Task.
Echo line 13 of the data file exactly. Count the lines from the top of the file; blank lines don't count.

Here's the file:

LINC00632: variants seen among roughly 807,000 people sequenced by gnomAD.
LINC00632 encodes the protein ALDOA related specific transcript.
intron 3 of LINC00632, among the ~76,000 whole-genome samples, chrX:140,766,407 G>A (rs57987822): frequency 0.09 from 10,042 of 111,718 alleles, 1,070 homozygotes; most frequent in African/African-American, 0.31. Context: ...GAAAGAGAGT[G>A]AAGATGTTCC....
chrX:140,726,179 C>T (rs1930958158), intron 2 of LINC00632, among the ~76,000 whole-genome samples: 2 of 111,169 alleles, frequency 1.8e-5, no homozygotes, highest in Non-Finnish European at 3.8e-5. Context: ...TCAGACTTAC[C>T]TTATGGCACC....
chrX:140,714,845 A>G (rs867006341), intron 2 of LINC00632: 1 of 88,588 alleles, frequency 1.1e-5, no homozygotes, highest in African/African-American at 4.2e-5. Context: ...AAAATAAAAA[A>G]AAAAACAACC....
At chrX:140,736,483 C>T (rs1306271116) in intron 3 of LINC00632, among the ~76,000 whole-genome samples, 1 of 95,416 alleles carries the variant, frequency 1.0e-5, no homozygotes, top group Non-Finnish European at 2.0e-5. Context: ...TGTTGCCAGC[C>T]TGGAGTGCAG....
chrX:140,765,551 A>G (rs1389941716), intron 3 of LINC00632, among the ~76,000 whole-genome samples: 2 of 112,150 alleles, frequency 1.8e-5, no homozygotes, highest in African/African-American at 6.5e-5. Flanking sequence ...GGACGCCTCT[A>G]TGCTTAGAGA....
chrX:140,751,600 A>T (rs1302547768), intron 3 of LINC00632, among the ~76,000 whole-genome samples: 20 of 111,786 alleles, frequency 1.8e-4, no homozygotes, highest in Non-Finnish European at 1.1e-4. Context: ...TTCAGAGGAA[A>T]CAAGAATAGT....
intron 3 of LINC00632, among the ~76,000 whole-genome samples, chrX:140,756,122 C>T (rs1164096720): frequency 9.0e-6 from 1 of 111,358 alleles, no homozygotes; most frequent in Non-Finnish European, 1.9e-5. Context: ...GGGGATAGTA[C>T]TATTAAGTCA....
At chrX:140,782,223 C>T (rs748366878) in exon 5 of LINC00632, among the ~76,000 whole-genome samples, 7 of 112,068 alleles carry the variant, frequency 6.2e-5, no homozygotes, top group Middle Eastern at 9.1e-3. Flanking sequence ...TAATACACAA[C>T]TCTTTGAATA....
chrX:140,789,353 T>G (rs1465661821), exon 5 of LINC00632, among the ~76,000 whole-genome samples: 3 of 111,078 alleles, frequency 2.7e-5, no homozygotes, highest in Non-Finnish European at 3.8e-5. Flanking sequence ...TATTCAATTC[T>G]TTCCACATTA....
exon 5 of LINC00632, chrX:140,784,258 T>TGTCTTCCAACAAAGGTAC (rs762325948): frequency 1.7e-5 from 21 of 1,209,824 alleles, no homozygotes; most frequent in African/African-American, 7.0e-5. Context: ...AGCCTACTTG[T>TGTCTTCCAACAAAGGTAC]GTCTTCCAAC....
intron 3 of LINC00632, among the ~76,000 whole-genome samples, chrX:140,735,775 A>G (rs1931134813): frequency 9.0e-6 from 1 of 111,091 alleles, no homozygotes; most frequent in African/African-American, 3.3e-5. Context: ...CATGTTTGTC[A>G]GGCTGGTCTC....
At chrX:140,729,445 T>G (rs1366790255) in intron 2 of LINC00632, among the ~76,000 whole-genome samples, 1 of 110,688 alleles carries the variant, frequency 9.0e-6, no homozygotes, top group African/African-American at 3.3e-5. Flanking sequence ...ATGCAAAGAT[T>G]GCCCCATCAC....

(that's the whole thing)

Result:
intron 3 of LINC00632, among the ~76,000 whole-genome samples, chrX:140,735,775 A>G (rs1931134813): frequency 9.0e-6 from 1 of 111,091 alleles, no homozygotes; most frequent in African/African-American, 3.3e-5. Context: ...CATGTTTGTC[A>G]GGCTGGTCTC....